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Coli Nucleoid

3.9 Internal Structures 67

Ribosomes 70s 50s 30s

30S+50S combined

50S subunit

Figure 3.44 The Ribosome The 70S ribosome is composed of 50S and 30S subunits.

30S+50S combined

50S subunit

Figure 3.44 The Ribosome The 70S ribosome is composed of 50S and 30S subunits.

-DNA fibers

- Membrane

- Ruptured cell

Figure 3.43 The Chromosome (a) Color-enhanced transmission electron micrograph of a thin section of Escherichia coli, with the DNA shown in red. (b) Chromosome released from a gently lysed cell of E. coli. Note how tightly packed the DNA must be inside the bacterium.

to more than 25,000, depending on how rapidly the cell is multiplying. The faster the cell is growing, the faster proteins are being synthesized and the greater the number of ribosomes needed. Each ribosome is composed of a large and a small subunit, which are made up of ribosomal proteins and ribosomal RNAs. ■ function of ribosomes, p. 175

The relative size and density of ribosomes and their sub-units is expressed as a distinct unit, S (for Svedberg), that reflects how fast they move when they are spun at very high speeds in an ultracentrifuge. The faster they move toward the bottom, the higher the S value and the greater the density. Prokaryotic ribosomes are 70S ribosomes. Note that S units are not strictly arithmetic; the 70S ribosome is composed of a 30S and a 50S subunit (figure 3.44).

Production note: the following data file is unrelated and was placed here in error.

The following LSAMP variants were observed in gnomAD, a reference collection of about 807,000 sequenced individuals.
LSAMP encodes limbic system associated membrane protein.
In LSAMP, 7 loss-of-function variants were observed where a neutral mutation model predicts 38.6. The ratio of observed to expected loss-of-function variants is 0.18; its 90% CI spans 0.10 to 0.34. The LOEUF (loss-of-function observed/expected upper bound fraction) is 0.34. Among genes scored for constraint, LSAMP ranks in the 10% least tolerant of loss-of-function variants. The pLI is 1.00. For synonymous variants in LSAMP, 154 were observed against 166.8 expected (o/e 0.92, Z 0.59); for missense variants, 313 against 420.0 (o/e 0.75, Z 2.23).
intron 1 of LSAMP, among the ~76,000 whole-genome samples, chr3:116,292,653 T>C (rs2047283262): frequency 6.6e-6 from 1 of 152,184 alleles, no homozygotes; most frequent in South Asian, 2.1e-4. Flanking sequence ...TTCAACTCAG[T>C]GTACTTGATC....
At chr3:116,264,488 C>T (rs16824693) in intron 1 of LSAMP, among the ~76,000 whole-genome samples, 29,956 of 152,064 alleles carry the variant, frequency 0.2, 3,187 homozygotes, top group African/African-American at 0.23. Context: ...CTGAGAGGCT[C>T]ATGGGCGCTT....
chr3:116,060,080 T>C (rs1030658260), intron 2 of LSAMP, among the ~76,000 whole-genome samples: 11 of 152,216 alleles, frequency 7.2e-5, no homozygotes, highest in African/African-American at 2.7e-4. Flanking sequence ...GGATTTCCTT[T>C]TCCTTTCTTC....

Prokaryotic ribosomes differ from the eukaryotic ribo-somes, which are 80S. Differences in the structures serve as targets for certain antibiotics, which preferentially bind to the 70S ribosome and thus inhibit protein synthesis in bacteria.

Storage Granules

Storage granules are accumulations of high molecular weight polymers, which are synthesized from a nutrient that a cell has in relative excess. For example, if nitrogen and/or phosphorus are lacking, E. coli cannot multiply even if a carbon and energy source such as glucose is plentiful. Rather than waste the carbon/energy source, cells use it to produce glycogen, a glucose polymer. A single large molecule such as glycogen has little osmotic effect on the cell. Later, when conditions are appropriate, cells degrade and use the glycogen granule. Other bacterial species store carbon and energy as poly-^-hydroxybutyrate (figure 3.45). This microbial compound is now being employed to produce a biodegradable polymer, which can be used in place of petroleum-based plastics. As a general rule, only one type of storage granule is produced by a given organism.

Some types of granules can be readily detected by light microscopy. Volutin granules, a storage form of phosphate, stain red with blue dyes such as methylene blue, whereas the surrounding cellular material stains blue. Because of this, they are often called metachromatic granules (meta means "change" and chromatic means "color"). Bacteria that store volutin are beneficial in wastewater treatment because they scavenge phosphate, which is an environmental pollutant.

Gas Vesicles